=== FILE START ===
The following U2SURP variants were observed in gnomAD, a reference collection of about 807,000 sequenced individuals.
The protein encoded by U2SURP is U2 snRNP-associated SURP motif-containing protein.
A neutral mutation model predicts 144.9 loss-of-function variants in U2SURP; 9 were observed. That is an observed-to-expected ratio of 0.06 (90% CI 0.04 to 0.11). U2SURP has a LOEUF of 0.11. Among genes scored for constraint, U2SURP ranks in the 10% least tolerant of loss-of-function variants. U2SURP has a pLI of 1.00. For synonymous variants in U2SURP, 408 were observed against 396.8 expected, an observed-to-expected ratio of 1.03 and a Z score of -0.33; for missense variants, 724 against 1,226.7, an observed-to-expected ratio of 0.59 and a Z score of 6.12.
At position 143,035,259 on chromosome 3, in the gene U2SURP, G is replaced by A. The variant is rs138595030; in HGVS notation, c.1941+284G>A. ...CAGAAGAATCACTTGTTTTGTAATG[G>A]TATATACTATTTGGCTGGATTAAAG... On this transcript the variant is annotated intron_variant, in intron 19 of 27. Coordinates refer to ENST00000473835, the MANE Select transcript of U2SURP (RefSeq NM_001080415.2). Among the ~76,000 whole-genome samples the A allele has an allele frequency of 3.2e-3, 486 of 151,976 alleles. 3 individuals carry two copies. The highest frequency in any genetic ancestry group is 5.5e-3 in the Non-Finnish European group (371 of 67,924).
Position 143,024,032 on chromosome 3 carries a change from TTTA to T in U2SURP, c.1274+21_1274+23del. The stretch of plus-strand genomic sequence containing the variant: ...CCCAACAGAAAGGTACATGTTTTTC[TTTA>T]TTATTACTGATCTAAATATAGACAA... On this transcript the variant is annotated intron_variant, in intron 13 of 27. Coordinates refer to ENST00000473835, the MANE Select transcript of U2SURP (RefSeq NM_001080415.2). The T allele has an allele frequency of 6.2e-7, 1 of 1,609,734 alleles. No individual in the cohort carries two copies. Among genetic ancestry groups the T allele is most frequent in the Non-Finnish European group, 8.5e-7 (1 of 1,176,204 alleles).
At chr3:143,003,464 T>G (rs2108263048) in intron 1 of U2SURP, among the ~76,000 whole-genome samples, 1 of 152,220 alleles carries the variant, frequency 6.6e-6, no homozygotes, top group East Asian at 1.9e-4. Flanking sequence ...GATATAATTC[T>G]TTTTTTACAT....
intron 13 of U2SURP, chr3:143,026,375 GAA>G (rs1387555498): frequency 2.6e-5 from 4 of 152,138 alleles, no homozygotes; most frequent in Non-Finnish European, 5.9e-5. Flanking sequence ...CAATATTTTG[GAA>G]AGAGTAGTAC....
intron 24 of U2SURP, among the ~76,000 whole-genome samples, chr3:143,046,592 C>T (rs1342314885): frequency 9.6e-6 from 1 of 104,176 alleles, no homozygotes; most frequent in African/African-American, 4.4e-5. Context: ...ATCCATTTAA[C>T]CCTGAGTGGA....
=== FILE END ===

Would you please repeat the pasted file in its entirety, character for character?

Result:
The following U2SURP variants were observed in gnomAD, a reference collection of about 807,000 sequenced individuals.
The protein encoded by U2SURP is U2 snRNP-associated SURP motif-containing protein.
A neutral mutation model predicts 144.9 loss-of-function variants in U2SURP; 9 were observed. That is an observed-to-expected ratio of 0.06 (90% CI 0.04 to 0.11). U2SURP has a LOEUF of 0.11. Among genes scored for constraint, U2SURP ranks in the 10% least tolerant of loss-of-function variants. U2SURP has a pLI of 1.00. For synonymous variants in U2SURP, 408 were observed against 396.8 expected, an observed-to-expected ratio of 1.03 and a Z score of -0.33; for missense variants, 724 against 1,226.7, an observed-to-expected ratio of 0.59 and a Z score of 6.12.
At position 143,035,259 on chromosome 3, in the gene U2SURP, G is replaced by A. The variant is rs138595030; in HGVS notation, c.1941+284G>A. ...CAGAAGAATCACTTGTTTTGTAATG[G>A]TATATACTATTTGGCTGGATTAAAG... On this transcript the variant is annotated intron_variant, in intron 19 of 27. Coordinates refer to ENST00000473835, the MANE Select transcript of U2SURP (RefSeq NM_001080415.2). Among the ~76,000 whole-genome samples the A allele has an allele frequency of 3.2e-3, 486 of 151,976 alleles. 3 individuals carry two copies. The highest frequency in any genetic ancestry group is 5.5e-3 in the Non-Finnish European group (371 of 67,924).
Position 143,024,032 on chromosome 3 carries a change from TTTA to T in U2SURP, c.1274+21_1274+23del. The stretch of plus-strand genomic sequence containing the variant: ...CCCAACAGAAAGGTACATGTTTTTC[TTTA>T]TTATTACTGATCTAAATATAGACAA... On this transcript the variant is annotated intron_variant, in intron 13 of 27. Coordinates refer to ENST00000473835, the MANE Select transcript of U2SURP (RefSeq NM_001080415.2). The T allele has an allele frequency of 6.2e-7, 1 of 1,609,734 alleles. No individual in the cohort carries two copies. Among genetic ancestry groups the T allele is most frequent in the Non-Finnish European group, 8.5e-7 (1 of 1,176,204 alleles).
At chr3:143,003,464 T>G (rs2108263048) in intron 1 of U2SURP, among the ~76,000 whole-genome samples, 1 of 152,220 alleles carries the variant, frequency 6.6e-6, no homozygotes, top group East Asian at 1.9e-4. Flanking sequence ...GATATAATTC[T>G]TTTTTTACAT....
intron 13 of U2SURP, chr3:143,026,375 GAA>G (rs1387555498): frequency 2.6e-5 from 4 of 152,138 alleles, no homozygotes; most frequent in Non-Finnish European, 5.9e-5. Flanking sequence ...CAATATTTTG[GAA>G]AGAGTAGTAC....
intron 24 of U2SURP, among the ~76,000 whole-genome samples, chr3:143,046,592 C>T (rs1342314885): frequency 9.6e-6 from 1 of 104,176 alleles, no homozygotes; most frequent in African/African-American, 4.4e-5. Context: ...ATCCATTTAA[C>T]CCTGAGTGGA....